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Yes, but those are usually updates for correcting issues and FP's as well, not just detections. There's more than 10 hours in a day ;) .

Okay, let's put it this way. Do you think that it is not necessary for a MBAM Pro user to have detections the moment they are released? In other words, you seem to have a comfort zone of 2-6 hours (I believe that was the update spread that you deemed optimal) wherein you're willing to wait for newly released protection. Why is that? I don't understand your willingness to roll the dice on vulnerability that way, especially if you don't have to. Why are you opposed to getting database updates out to subscribers as soon as they are released?

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  • Staff

I'm not rolling the dice, I understand how MBAM works and how it updates ;) . Kaspersky updates once very hour, adding detections. MBAM does not always add detections. Sometimes they correct a False Positive with the scanner, sometimes they correct a False Positive with the IP blocker. Sometimes they add IP's and sometimes they add detections. The reason I don't consider it necessary to have the absolute latest rules for MBAM is because its strongsuit is not its database, it's its heuristics. That's what I rely on more than anything else to protect me with regards to MBAM. I update it about 2-3 times a day. I personally update all of my security applications manually and when I'm on the computer (meaning when it's running), I update Kaspersky once every hour manually, I only update MBAM once every few hours.

While it is entirely possible that some new baddies will be added to the DB within the next hour, I won't be checking because I don't see the need. Perhaps I'm wrong and this next database covers a whole slew of new infections that weren't detected previously by the heuristics and existing DB but I still believe that if everyone checked hourly it would likely cause issues with the DB servers. Again, I don't know, they may have ample bandwidth with the CDN to roll out hourly updates, I'm not sure, but I still don't see the need.

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While it is entirely possible that some new baddies will be added to the DB within the next hour, I won't be checking because I don't see the need. Perhaps I'm wrong and this next database covers a whole slew of new infections that weren't detected previously by the heuristics and existing DB but I still believe that if everyone checked hourly it would likely cause issues with the DB servers. Again, I don't know, they may have ample bandwidth with the CDN to roll out hourly updates, I'm not sure, but I still don't see the need.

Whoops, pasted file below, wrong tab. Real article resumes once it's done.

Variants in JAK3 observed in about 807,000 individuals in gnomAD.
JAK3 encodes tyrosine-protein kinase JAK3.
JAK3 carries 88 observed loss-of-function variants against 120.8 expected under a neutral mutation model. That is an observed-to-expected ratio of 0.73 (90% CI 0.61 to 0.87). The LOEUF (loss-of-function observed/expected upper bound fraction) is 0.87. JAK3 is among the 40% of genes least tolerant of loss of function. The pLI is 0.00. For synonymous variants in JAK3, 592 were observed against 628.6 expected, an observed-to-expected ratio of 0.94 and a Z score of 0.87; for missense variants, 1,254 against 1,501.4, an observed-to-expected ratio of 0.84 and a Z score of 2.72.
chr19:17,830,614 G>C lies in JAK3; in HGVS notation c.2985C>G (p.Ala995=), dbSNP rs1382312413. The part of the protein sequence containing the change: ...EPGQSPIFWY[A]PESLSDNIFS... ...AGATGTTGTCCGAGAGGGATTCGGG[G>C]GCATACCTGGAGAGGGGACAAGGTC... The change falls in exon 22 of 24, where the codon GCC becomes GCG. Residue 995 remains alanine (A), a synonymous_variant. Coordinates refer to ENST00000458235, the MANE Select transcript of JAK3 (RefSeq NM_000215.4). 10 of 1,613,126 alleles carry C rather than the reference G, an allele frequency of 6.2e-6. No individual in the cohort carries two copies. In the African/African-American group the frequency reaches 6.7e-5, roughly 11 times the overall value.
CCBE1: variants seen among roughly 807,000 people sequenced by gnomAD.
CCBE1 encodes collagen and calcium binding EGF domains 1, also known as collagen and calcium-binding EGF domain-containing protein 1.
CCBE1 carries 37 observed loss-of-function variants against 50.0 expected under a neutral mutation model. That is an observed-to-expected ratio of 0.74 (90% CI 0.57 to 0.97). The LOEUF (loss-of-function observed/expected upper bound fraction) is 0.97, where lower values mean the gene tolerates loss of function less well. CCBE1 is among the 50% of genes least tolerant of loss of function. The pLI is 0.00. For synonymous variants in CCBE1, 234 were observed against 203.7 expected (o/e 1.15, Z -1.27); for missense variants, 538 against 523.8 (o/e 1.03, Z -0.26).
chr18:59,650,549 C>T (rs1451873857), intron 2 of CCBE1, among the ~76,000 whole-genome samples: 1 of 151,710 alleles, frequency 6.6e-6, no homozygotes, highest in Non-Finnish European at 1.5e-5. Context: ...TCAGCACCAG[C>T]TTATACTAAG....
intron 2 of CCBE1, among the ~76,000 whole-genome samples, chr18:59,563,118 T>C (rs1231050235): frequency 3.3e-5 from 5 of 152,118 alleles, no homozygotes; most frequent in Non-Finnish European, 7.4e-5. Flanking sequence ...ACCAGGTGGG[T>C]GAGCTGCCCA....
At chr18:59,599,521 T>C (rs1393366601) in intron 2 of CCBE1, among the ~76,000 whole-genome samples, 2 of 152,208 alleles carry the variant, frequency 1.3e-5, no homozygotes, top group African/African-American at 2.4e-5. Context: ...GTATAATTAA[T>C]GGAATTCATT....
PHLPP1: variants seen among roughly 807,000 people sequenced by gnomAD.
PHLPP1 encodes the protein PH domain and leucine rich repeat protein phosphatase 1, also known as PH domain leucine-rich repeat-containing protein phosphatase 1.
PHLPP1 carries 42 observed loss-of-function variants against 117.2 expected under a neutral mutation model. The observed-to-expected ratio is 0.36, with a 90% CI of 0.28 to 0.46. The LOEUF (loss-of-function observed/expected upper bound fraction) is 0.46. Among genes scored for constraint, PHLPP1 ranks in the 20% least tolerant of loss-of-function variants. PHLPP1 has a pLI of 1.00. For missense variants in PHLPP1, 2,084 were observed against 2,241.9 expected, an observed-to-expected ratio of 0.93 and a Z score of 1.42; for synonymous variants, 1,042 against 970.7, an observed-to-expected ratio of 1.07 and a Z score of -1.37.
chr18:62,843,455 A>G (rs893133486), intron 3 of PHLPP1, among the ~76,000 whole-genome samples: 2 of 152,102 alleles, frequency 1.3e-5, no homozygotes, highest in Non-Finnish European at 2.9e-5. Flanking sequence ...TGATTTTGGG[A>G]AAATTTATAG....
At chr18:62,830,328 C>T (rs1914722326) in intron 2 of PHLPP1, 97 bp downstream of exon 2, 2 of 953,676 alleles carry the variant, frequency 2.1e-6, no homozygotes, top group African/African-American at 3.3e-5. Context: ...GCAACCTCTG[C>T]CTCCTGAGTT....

If a threat exists, and MBAM staff writes an update to combat that threat, I see the need to install that update on my system as quickly as they have made it available to me.

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  • Staff

That's my point, many of the updates are not released for the addition of a new threat, many are simply to correct FP's or fix issues. But I do see your point, I am a paranoid user as well. But you also need to remember that MBAM is a second line of defense, behind your AV, not in front of it.

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That's my point, many of the updates are not released for the addition of a new threat, many are simply to correct FP's or fix issues. But I do see your point, I am a paranoid user as well. But you also need to remember that MBAM is a second line of defense, behind your AV, not in front of it.

Well I want the false positive fixes on my machine just as quickly! ;) Or the issue fixes. The sooner the better.

And indeed MBAM is a second line of defense, but I want the program to be as good as it can be. In fact we probably both use it because we believe it can do some things the AV can't. So expecting the most out of it is a vote of confidence. :)

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  • Staff

Yes, I understand what you're saying and it does make sense, my primary concern is the network that delivers the updates, but if it can handle it then I concede, hourly updates would be more accurate for detections, FP's and issues ;) .